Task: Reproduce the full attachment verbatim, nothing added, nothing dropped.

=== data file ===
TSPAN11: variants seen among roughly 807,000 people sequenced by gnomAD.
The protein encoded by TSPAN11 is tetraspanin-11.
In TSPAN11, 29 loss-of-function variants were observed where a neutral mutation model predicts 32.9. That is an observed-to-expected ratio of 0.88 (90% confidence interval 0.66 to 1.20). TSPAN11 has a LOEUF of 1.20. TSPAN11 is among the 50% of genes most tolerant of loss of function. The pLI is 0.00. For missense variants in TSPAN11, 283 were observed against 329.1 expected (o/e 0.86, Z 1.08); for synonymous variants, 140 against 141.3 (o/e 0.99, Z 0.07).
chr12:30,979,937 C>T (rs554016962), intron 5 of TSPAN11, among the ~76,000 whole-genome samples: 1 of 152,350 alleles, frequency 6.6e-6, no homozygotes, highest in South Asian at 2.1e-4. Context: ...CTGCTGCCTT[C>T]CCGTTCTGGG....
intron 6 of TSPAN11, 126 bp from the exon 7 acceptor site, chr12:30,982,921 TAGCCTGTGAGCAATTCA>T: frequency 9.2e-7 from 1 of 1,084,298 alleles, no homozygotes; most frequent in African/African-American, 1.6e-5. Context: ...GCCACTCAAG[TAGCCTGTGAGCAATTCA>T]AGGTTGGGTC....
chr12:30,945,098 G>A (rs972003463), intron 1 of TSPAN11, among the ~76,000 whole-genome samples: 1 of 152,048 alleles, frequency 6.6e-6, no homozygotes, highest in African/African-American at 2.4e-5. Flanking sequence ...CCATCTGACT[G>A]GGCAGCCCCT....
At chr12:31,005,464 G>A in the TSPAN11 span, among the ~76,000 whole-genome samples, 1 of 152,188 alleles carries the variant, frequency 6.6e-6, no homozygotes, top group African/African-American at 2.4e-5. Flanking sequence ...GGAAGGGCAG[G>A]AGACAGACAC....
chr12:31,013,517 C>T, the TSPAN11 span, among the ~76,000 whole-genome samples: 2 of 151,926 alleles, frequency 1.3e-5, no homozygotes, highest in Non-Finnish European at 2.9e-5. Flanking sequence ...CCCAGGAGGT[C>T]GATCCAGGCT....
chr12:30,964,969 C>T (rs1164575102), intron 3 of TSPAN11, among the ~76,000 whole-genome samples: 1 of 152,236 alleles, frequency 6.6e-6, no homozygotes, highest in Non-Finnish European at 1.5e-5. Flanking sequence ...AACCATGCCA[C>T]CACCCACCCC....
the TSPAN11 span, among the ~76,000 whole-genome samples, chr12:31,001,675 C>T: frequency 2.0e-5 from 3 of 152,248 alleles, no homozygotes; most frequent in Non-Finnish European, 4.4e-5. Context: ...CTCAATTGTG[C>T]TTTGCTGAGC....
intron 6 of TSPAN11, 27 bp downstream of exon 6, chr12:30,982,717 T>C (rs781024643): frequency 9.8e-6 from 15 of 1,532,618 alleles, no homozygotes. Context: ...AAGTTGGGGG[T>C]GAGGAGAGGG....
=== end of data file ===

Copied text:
TSPAN11: variants seen among roughly 807,000 people sequenced by gnomAD.
The protein encoded by TSPAN11 is tetraspanin-11.
In TSPAN11, 29 loss-of-function variants were observed where a neutral mutation model predicts 32.9. That is an observed-to-expected ratio of 0.88 (90% confidence interval 0.66 to 1.20). TSPAN11 has a LOEUF of 1.20. TSPAN11 is among the 50% of genes most tolerant of loss of function. The pLI is 0.00. For missense variants in TSPAN11, 283 were observed against 329.1 expected (o/e 0.86, Z 1.08); for synonymous variants, 140 against 141.3 (o/e 0.99, Z 0.07).
chr12:30,979,937 C>T (rs554016962), intron 5 of TSPAN11, among the ~76,000 whole-genome samples: 1 of 152,350 alleles, frequency 6.6e-6, no homozygotes, highest in South Asian at 2.1e-4. Context: ...CTGCTGCCTT[C>T]CCGTTCTGGG....
intron 6 of TSPAN11, 126 bp from the exon 7 acceptor site, chr12:30,982,921 TAGCCTGTGAGCAATTCA>T: frequency 9.2e-7 from 1 of 1,084,298 alleles, no homozygotes; most frequent in African/African-American, 1.6e-5. Context: ...GCCACTCAAG[TAGCCTGTGAGCAATTCA>T]AGGTTGGGTC....
chr12:30,945,098 G>A (rs972003463), intron 1 of TSPAN11, among the ~76,000 whole-genome samples: 1 of 152,048 alleles, frequency 6.6e-6, no homozygotes, highest in African/African-American at 2.4e-5. Flanking sequence ...CCATCTGACT[G>A]GGCAGCCCCT....
At chr12:31,005,464 G>A in the TSPAN11 span, among the ~76,000 whole-genome samples, 1 of 152,188 alleles carries the variant, frequency 6.6e-6, no homozygotes, top group African/African-American at 2.4e-5. Flanking sequence ...GGAAGGGCAG[G>A]AGACAGACAC....
chr12:31,013,517 C>T, the TSPAN11 span, among the ~76,000 whole-genome samples: 2 of 151,926 alleles, frequency 1.3e-5, no homozygotes, highest in Non-Finnish European at 2.9e-5. Flanking sequence ...CCCAGGAGGT[C>T]GATCCAGGCT....
chr12:30,964,969 C>T (rs1164575102), intron 3 of TSPAN11, among the ~76,000 whole-genome samples: 1 of 152,236 alleles, frequency 6.6e-6, no homozygotes, highest in Non-Finnish European at 1.5e-5. Flanking sequence ...AACCATGCCA[C>T]CACCCACCCC....
the TSPAN11 span, among the ~76,000 whole-genome samples, chr12:31,001,675 C>T: frequency 2.0e-5 from 3 of 152,248 alleles, no homozygotes; most frequent in Non-Finnish European, 4.4e-5. Context: ...CTCAATTGTG[C>T]TTTGCTGAGC....
intron 6 of TSPAN11, 27 bp downstream of exon 6, chr12:30,982,717 T>C (rs781024643): frequency 9.8e-6 from 15 of 1,532,618 alleles, no homozygotes. Context: ...AAGTTGGGGG[T>C]GAGGAGAGGG....